Much is made
Baby boomers’ music, the so-called “classic rock” of the ’60s and ’70s, has been ingrained into every decade that followed it, never disappearing from the airwaves the way the bulk of rock ’n’ roll from the ’50s has been relegated to ham radio frequencies. It’s featured in our movies, our advertising, our TV programs, and in heavy rotation on oldies stations. So with any artist that has been as much of a constant as a David Bowie or Glenn Frey, people take their passing like the loss of a parent. And unlike a parent, a Leonard Cohen or a Sir George Martin never sent us to bed without our supper.
We’ve had a whole year of death after death of all ages, but with time being so short, we’ll focus mainly on all the Hall of Famers (because you did), give a few honorable mentions, and take special notice of all the Quietest Bassist Deaths (because they REALLY always get overshadowed).
Click on each month for the entire month's roundup.
Already smarting from the Yuletide loss of Lemmy Kilmister, the world losing David Bowie was indeed like losing a father figure. He was the father of glam rock, the father of theatrical rock, and the father of chameleon rock, and it almost seems like a cruel trick that he could be snatched away days after his 69th birthday and the release of Blackstar, his final album. You have to admire the way Bowie kept both his illness and his album a secret and then unloaded it all on us like a fiendish surprise.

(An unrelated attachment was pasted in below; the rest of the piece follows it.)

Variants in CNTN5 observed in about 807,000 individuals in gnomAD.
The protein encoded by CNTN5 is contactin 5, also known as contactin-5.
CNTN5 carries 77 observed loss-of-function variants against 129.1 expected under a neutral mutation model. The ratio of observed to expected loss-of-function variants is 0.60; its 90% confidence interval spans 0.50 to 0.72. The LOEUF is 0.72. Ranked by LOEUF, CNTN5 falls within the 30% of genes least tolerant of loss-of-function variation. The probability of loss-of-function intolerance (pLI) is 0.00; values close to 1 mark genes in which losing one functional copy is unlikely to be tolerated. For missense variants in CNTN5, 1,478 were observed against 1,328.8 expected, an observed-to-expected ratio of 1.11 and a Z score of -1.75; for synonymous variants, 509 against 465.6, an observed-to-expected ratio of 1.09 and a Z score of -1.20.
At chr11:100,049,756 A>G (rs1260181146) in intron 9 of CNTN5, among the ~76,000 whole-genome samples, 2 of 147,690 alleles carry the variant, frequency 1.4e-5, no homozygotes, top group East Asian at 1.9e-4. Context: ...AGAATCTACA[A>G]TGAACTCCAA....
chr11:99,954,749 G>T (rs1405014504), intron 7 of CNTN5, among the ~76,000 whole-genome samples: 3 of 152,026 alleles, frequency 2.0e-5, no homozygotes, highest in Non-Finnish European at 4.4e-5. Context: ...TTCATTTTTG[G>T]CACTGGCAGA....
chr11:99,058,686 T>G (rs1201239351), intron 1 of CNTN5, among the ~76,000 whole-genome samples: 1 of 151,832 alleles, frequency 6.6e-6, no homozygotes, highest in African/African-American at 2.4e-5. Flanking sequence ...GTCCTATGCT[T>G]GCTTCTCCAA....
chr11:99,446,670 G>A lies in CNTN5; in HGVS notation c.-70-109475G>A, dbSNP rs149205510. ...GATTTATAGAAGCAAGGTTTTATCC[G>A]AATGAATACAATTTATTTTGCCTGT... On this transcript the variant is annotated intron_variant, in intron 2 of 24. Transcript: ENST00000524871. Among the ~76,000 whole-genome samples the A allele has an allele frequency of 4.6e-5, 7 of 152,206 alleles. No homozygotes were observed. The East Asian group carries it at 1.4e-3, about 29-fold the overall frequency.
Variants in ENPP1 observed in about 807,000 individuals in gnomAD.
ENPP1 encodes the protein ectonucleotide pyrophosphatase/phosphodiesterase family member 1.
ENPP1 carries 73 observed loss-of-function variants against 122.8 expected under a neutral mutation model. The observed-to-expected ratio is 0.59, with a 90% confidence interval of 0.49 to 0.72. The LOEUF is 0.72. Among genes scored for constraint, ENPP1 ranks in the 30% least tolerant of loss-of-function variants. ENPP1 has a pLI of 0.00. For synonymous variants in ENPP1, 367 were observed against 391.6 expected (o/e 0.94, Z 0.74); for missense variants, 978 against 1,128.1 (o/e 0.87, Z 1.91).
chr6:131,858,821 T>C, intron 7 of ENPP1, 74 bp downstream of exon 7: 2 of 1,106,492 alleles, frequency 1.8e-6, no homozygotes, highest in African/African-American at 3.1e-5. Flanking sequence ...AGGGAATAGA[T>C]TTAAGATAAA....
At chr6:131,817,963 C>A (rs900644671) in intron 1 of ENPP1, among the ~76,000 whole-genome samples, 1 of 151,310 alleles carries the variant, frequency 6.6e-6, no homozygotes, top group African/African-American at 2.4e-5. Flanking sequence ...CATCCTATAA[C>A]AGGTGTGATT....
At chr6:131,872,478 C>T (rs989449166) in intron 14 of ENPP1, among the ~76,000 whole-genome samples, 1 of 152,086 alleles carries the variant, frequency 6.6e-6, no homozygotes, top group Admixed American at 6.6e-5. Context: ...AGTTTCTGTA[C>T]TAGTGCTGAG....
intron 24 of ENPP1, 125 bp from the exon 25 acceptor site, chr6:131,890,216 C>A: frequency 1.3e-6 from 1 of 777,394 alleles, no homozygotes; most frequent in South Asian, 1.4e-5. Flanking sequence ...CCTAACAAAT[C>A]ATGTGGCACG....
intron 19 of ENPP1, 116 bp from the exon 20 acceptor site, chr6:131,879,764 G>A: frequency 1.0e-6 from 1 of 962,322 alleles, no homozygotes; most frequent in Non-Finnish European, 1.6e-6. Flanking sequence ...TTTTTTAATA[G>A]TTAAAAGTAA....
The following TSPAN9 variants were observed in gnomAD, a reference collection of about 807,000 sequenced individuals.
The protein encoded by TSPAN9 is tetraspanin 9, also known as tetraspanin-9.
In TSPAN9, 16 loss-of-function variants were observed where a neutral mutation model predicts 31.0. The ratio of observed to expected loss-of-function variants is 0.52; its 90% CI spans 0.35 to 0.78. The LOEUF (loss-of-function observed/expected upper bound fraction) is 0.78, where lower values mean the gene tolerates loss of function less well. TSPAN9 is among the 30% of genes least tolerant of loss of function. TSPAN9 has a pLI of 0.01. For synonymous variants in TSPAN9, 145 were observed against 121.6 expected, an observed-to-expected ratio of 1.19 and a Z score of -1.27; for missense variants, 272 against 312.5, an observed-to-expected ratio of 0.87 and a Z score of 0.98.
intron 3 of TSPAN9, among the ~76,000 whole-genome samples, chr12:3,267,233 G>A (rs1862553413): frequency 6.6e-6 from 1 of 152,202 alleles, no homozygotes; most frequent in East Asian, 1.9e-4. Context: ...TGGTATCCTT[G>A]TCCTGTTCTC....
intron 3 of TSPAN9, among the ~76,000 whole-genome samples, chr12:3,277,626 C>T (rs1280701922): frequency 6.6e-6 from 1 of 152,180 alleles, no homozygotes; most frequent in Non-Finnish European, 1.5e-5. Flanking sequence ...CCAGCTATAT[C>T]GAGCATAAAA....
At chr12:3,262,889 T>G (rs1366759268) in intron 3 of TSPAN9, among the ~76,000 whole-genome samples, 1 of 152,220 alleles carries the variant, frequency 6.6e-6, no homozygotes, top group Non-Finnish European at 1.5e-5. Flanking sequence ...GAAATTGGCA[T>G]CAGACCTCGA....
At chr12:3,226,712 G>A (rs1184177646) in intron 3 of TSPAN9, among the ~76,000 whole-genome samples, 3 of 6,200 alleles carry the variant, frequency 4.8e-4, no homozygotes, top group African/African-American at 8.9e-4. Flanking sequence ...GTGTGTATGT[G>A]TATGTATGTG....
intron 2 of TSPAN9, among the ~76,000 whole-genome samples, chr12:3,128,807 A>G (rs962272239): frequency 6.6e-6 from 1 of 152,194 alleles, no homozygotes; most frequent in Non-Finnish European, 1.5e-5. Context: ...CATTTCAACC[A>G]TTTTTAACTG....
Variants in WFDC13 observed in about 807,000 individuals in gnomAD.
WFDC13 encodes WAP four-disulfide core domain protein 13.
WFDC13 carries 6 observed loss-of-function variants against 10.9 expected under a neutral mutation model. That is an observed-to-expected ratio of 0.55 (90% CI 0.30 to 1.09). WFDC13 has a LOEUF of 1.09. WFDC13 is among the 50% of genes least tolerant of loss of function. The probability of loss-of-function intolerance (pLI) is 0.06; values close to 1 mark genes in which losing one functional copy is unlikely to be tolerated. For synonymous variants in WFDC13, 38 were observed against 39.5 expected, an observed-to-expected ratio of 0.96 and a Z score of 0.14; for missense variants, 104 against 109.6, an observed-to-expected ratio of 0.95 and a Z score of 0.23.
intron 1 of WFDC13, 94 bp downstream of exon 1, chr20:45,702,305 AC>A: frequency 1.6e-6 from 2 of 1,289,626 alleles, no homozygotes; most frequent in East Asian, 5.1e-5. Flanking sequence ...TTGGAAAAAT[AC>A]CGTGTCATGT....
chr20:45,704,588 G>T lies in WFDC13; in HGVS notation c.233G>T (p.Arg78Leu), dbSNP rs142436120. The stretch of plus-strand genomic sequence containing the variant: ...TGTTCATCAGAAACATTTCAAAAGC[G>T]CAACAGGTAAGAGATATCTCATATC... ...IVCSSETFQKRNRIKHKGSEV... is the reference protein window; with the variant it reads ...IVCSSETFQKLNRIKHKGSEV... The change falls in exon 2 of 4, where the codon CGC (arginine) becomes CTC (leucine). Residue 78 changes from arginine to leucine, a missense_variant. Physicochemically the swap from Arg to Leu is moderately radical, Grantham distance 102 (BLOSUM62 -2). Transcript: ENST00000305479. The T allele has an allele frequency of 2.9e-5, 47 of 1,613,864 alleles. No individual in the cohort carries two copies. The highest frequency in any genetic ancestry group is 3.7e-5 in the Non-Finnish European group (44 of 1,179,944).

As if the loss of one R&R Hall of Famer wasn’t enough, we lost Glenn Frey of the Eagles. Although he wasn’t the father of country rock (only if you discount the Byrds, Buffalo Springfield, Gram Parsons, Mike Nesmith, and Rick Nelson), you can’t deny that Eagles took countrified rock across the finish line. The group racked up one of the biggest selling albums of all time with the 1976 album Their Greatest Hits (1971–1975).